sky view green canyon volleyball

Fans watch the Green Canyon-Sky View volleyball game on Tuesday in Smithfield.

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Fall sports are starting to wind down, and now schools and recreational sports are looking into how to move indoors once winter hits.

“We’re following the Utah High School Activities Association guidelines, as we have been all year,” said Tim Smith, with Cache County School District. “But things shift a little bit as we move indoors, because the risk factors are a little bit higher when you’re indoors versus outdoors.”

Just last week, Smith acknowledged some of the first school-transmission cases in Cache County School District as there was a “small outbreak with the volleyball team at Sky View.”

According to the Centers for Disease Control and Prevention, the safest way to stay active and healthy is to focus on skill-building drills at home, while the highest risk comes from sport competitions with visiting teams from outside of the city or county.

And the risk is even higher when played indoors, in areas not well-ventilated, as can be seen in the CDC’s most recent Morbidity and Mortality Weekly Report for the coronavirus. In Thursday’s MMWR, the CDC published a study of how one men’s league hockey game in Florida led to 15 of the 22 players contracting COVID-19 six months ago.

“Ice hockey involves vigorous physical exertion accompanied by deep, heavy respiration, and during the game, players frequently move from the ice surface to the bench while still breathing heavily,” the report states. “The indoor space and close contact between players during a hockey game increase infection risk for players and create potential for a superspreader event, especially with ongoing community COVID-19 transmission.”

The CDC acknowledged none of the players wore masks in the locker rooms, nor on the bench — the minimum recommendations put forth by the UHSAA.

But according to Erik Akins, board president of the Cache Valley Jr. Aggies, there haven’t been any similar cases of superspreader events at the Eccles Ice Center in Logan.

“I think one of the big differences between, say a men’s league team and a youth organization is that sometimes there’s a lot of just chatting after for a men’s league,” Akins said, “where there wouldn’t be that with the kids, because parents have to be other places.”

And while there were concerns of not as much participation due to the pandemic, Akins said the rec leagues have a record number of kids signed up this year.

Akins said the rink is being proactive on implementing mitigation efforts to avoid the shutdowns of the spring.

“We know that the winters in Cache Valley are longer than in some areas,” he said. “And so I think that’s one of the reasons why, you know, it’s important to have activities like this, so people can have an outlet. They can get some exercise, they can feel better, they can have social interaction, but it needs to be done in a smart way.”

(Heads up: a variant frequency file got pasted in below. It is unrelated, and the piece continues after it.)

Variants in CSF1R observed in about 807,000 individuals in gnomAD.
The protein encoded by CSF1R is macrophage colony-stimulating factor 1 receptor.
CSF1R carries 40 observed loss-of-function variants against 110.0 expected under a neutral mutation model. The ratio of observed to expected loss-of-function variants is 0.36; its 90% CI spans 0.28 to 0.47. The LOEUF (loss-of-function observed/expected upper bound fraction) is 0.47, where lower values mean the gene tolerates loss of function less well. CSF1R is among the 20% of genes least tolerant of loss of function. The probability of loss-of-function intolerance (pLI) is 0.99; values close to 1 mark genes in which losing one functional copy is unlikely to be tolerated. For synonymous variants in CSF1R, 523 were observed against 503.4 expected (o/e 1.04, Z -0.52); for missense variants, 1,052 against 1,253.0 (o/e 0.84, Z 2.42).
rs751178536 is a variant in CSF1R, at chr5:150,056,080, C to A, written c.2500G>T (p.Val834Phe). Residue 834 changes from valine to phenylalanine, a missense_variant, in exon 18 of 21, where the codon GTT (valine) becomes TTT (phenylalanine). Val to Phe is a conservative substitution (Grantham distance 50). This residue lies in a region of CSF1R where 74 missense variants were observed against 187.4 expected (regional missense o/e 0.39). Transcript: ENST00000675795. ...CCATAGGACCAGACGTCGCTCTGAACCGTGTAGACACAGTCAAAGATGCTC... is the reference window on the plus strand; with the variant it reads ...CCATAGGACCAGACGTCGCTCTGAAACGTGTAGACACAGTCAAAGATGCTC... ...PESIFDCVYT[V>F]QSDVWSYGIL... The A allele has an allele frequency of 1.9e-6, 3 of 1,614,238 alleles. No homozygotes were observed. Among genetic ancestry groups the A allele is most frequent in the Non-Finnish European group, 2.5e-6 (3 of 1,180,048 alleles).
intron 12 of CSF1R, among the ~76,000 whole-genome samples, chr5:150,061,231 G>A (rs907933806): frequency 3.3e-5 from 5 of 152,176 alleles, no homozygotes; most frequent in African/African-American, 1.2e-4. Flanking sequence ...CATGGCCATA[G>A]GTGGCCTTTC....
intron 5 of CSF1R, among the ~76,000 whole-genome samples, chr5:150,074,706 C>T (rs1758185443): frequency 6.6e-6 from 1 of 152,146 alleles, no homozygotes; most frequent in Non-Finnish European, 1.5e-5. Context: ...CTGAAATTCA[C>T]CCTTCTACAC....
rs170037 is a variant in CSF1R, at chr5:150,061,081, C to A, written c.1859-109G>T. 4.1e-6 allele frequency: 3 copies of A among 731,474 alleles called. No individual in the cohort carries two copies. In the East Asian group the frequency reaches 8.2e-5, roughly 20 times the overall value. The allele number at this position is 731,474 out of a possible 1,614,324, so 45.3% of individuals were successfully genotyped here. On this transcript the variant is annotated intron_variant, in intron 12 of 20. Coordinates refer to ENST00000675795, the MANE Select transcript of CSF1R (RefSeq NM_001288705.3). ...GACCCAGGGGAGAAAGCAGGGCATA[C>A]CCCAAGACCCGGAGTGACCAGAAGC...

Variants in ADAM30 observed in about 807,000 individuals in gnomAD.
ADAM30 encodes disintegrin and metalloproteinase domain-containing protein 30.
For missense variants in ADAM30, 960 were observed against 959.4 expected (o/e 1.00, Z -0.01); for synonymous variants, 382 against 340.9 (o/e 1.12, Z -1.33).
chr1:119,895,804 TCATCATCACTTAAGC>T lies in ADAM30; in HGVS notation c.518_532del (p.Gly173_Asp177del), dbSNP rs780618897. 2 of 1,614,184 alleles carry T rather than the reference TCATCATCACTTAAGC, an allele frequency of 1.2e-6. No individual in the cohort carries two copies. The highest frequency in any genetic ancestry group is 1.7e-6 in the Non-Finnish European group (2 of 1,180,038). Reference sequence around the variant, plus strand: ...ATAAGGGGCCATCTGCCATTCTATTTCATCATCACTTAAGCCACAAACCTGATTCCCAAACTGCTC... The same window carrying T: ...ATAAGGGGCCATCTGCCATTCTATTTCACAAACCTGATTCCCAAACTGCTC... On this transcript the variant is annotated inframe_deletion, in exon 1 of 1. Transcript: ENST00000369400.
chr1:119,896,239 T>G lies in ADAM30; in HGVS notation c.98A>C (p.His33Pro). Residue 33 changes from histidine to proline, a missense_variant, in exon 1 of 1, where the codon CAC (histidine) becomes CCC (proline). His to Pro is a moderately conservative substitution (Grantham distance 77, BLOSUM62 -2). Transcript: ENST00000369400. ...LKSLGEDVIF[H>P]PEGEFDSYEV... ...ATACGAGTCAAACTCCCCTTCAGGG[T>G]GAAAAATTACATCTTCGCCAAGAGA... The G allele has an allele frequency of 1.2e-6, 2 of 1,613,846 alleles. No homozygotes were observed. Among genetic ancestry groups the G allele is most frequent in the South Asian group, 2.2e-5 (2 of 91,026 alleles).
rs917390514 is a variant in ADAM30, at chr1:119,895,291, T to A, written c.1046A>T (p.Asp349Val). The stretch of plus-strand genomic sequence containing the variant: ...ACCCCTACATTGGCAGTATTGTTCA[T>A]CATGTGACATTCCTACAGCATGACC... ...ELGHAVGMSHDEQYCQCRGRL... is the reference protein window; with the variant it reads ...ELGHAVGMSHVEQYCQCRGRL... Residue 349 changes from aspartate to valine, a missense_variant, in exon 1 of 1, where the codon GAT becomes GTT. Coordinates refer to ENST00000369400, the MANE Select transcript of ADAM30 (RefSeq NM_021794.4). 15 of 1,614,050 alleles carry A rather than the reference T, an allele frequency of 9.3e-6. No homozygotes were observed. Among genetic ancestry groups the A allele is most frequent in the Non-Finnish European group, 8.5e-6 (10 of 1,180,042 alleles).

It’s the same conversation going on in school districts, as well.

“Right now, as a region, we have not solidified any decisions,” said Jesse Parker, the athletic director at Logan High School. “We have just been making sure we make it through the fall before we have those conversations.”

The UHSAA has released guidelines for winter sports like basketball, drill, wrestling and swimming, including a recommendation to keep venues at 25% capacity among fans.

Initial ideas for junior sports included only allowing one parent per student athlete — something that left some parents, like Mirinda Bingham, questioning whether or not to have their children participate.

“I find it ridiculous if we can’t go as a family,” the mother of three commented on a Facebook post on the issue.

This was going to be the first year with the Jr. Riverhawks for basketball for Bingham’s 10-year-old son, but “it is what it is,” she said.

“I just need all the details before we officially decide, and I’m not finding much about the Jr. Jazz youth league,” she told The Herald Journal. “But it doesn’t start until January either, and who knows what it will look like then.”

As with everything else, protocols have had to pivot to accommodate COVID-19.

According to Ainsli Jenks, a coach at Ridgeline High School, the updated protocol for the Jr. Riverhawks limits four spectators per player, though the plan is not finalized.

Missy Stuart, the athletic director at Green Canyon High School, said “even with 25% capacity, you can have more than one parent.”

Per the Utah Department of Health, masks are required at all gatherings until at least Oct. 29 because the Cache County is in the “high” transmission risk for COVID-19, but Stuart said the issue has been a battle to this point.

It’s also key that people agree to wear masks, Stuart said.

“They’ll come into the facility with a mask on and then it doesn’t remain on and that can’t happen if we’re going to continue with winter sports,” Stuart said. “We’ve been told that we have to stop games if people aren’t wearing masks, or ask people to leave if they won’t wear their mask.”

Other than the cases associated with the Sky View volleyball team, Smith said cases have been caught early and quarantined at home before spreading to other faculty or students.

There are currently eight active COVID-19 cases at Ridgeline, six at Sky View, four at Green Canyon and five at Mountain Crest. There are three cases at South Cache Middle School, two at North Cache and one at Spring Creek.

In Logan High School, there are six cases, and there are five at Mount Logan Middle School.

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